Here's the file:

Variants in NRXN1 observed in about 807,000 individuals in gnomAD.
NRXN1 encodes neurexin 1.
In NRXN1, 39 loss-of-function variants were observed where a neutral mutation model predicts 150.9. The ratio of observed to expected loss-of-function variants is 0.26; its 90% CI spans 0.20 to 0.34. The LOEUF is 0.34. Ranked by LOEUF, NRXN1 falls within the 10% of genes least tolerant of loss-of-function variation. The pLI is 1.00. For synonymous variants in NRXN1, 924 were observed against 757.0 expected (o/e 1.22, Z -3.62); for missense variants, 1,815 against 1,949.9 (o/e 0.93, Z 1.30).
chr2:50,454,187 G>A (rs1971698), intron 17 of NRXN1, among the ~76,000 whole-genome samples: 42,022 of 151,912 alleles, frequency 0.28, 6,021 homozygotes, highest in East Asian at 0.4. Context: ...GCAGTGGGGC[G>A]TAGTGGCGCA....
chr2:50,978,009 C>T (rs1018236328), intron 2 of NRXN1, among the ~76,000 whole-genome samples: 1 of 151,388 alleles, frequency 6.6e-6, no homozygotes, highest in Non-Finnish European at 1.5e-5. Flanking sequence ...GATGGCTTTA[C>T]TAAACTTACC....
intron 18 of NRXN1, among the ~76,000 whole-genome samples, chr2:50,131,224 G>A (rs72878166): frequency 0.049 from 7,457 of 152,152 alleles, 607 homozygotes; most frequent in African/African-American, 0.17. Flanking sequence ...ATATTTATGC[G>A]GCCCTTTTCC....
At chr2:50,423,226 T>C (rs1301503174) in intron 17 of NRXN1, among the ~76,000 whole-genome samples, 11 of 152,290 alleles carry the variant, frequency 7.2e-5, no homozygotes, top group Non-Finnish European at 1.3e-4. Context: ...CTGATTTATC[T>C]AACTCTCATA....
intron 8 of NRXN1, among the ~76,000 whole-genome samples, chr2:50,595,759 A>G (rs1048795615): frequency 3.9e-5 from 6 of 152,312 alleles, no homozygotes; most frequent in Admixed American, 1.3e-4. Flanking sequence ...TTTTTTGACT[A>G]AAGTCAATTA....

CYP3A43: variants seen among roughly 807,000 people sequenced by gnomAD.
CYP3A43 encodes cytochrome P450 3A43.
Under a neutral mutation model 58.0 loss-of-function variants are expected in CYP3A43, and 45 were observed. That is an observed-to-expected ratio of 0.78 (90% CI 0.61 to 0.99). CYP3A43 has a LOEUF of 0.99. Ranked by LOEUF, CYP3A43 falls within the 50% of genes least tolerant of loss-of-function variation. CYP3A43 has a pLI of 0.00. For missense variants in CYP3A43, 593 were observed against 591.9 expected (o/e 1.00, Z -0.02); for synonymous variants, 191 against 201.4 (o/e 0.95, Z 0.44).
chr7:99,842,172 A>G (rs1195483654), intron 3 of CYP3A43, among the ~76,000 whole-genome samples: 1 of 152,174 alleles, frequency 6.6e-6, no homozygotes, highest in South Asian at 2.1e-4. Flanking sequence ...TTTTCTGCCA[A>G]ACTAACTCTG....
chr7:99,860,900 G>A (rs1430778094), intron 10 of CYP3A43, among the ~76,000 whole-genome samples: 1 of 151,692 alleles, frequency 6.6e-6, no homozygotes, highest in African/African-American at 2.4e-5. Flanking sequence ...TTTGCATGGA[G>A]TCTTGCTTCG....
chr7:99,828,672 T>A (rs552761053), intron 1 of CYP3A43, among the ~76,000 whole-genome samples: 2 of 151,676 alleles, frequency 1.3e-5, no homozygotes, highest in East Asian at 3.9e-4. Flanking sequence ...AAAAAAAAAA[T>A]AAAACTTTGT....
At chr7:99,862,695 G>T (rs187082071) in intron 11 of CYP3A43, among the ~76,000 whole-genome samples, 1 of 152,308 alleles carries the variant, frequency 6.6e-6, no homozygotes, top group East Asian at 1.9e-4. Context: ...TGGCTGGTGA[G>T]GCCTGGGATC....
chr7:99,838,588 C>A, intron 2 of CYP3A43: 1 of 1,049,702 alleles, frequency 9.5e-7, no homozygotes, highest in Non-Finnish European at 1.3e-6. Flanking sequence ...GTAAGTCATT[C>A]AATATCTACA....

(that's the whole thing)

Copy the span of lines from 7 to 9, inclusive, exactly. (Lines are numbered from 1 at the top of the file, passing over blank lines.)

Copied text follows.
At chr2:50,423,226 T>C (rs1301503174) in intron 17 of NRXN1, among the ~76,000 whole-genome samples, 11 of 152,290 alleles carry the variant, frequency 7.2e-5, no homozygotes, top group Non-Finnish European at 1.3e-4. Context: ...CTGATTTATC[T>C]AACTCTCATA....
intron 8 of NRXN1, among the ~76,000 whole-genome samples, chr2:50,595,759 A>G (rs1048795615): frequency 3.9e-5 from 6 of 152,312 alleles, no homozygotes; most frequent in Admixed American, 1.3e-4. Flanking sequence ...TTTTTTGACT[A>G]AAGTCAATTA....

CYP3A43: variants seen among roughly 807,000 people sequenced by gnomAD.